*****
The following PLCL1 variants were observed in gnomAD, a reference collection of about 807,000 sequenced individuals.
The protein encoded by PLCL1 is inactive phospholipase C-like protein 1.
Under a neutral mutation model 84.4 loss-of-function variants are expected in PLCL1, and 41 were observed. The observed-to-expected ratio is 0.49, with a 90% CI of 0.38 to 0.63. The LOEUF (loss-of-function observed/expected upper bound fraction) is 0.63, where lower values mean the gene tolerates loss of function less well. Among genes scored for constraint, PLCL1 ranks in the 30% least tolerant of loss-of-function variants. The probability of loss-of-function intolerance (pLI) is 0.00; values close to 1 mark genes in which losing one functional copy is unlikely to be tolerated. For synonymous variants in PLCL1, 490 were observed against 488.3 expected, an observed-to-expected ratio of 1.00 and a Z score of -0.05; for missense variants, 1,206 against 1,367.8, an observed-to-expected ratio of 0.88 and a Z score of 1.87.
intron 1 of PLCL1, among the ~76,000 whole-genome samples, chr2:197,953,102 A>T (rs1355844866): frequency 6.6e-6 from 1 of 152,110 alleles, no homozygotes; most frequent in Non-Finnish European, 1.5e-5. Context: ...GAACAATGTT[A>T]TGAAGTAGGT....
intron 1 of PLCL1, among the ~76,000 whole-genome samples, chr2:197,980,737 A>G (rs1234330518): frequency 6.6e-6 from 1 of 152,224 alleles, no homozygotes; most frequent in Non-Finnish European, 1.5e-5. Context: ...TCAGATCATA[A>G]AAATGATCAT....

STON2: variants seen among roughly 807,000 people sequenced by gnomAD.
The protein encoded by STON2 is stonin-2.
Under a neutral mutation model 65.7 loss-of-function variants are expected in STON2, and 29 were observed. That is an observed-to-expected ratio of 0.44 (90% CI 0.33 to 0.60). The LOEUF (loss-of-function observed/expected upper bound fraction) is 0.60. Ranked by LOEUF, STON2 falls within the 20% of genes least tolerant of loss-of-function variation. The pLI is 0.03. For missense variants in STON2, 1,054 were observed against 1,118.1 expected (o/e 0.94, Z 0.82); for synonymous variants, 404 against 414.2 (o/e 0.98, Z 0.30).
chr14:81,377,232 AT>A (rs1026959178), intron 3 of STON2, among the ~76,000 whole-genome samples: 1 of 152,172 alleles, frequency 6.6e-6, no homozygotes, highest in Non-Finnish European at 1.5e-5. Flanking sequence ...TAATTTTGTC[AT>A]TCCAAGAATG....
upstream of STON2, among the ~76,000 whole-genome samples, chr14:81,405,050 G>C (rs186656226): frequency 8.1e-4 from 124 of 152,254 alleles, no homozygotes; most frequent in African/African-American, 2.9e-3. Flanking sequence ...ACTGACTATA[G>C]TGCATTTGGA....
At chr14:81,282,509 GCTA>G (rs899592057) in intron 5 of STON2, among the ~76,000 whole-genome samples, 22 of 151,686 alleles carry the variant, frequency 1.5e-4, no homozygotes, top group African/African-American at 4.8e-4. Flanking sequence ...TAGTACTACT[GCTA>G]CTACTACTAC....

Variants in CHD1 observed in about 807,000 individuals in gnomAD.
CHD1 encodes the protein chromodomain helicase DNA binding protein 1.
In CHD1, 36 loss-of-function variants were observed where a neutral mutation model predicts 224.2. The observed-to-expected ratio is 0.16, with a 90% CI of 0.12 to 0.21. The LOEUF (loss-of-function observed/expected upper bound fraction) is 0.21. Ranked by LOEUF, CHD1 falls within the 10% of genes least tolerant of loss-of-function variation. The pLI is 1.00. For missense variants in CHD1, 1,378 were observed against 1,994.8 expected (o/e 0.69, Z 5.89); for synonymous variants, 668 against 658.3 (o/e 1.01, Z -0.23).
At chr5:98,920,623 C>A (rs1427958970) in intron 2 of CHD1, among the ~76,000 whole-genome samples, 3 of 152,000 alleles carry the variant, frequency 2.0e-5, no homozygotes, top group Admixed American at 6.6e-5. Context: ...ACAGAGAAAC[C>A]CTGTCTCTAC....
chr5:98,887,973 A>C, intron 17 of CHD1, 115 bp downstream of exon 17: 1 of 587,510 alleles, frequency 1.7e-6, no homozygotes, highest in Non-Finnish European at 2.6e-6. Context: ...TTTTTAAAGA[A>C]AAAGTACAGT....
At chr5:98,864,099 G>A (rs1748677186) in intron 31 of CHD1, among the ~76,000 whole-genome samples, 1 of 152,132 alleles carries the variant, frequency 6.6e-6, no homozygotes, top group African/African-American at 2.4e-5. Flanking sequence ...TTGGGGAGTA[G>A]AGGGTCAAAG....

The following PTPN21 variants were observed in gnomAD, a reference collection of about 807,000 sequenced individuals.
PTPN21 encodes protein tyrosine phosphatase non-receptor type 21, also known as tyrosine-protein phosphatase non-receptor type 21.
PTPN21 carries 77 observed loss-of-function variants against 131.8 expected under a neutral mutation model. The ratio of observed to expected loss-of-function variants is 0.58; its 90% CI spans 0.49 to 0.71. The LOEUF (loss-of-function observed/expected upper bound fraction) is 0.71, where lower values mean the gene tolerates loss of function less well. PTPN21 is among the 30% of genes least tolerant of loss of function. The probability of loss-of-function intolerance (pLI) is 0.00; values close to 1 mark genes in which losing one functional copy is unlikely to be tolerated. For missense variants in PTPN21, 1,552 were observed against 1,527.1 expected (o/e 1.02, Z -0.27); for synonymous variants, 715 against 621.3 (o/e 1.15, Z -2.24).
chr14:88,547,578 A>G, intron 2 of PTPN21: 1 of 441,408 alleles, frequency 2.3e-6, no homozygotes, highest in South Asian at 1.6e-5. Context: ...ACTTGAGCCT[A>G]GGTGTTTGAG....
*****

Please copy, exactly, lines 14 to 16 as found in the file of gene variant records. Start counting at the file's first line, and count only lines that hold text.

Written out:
In CHD1, 36 loss-of-function variants were observed where a neutral mutation model predicts 224.2. The observed-to-expected ratio is 0.16, with a 90% CI of 0.12 to 0.21. The LOEUF (loss-of-function observed/expected upper bound fraction) is 0.21. Ranked by LOEUF, CHD1 falls within the 10% of genes least tolerant of loss-of-function variation. The pLI is 1.00. For missense variants in CHD1, 1,378 were observed against 1,994.8 expected (o/e 0.69, Z 5.89); for synonymous variants, 668 against 658.3 (o/e 1.01, Z -0.23).
At chr5:98,920,623 C>A (rs1427958970) in intron 2 of CHD1, among the ~76,000 whole-genome samples, 3 of 152,000 alleles carry the variant, frequency 2.0e-5, no homozygotes, top group Admixed American at 6.6e-5. Context: ...ACAGAGAAAC[C>A]CTGTCTCTAC....
chr5:98,887,973 A>C, intron 17 of CHD1, 115 bp downstream of exon 17: 1 of 587,510 alleles, frequency 1.7e-6, no homozygotes, highest in Non-Finnish European at 2.6e-6. Context: ...TTTTTAAAGA[A>C]AAAGTACAGT....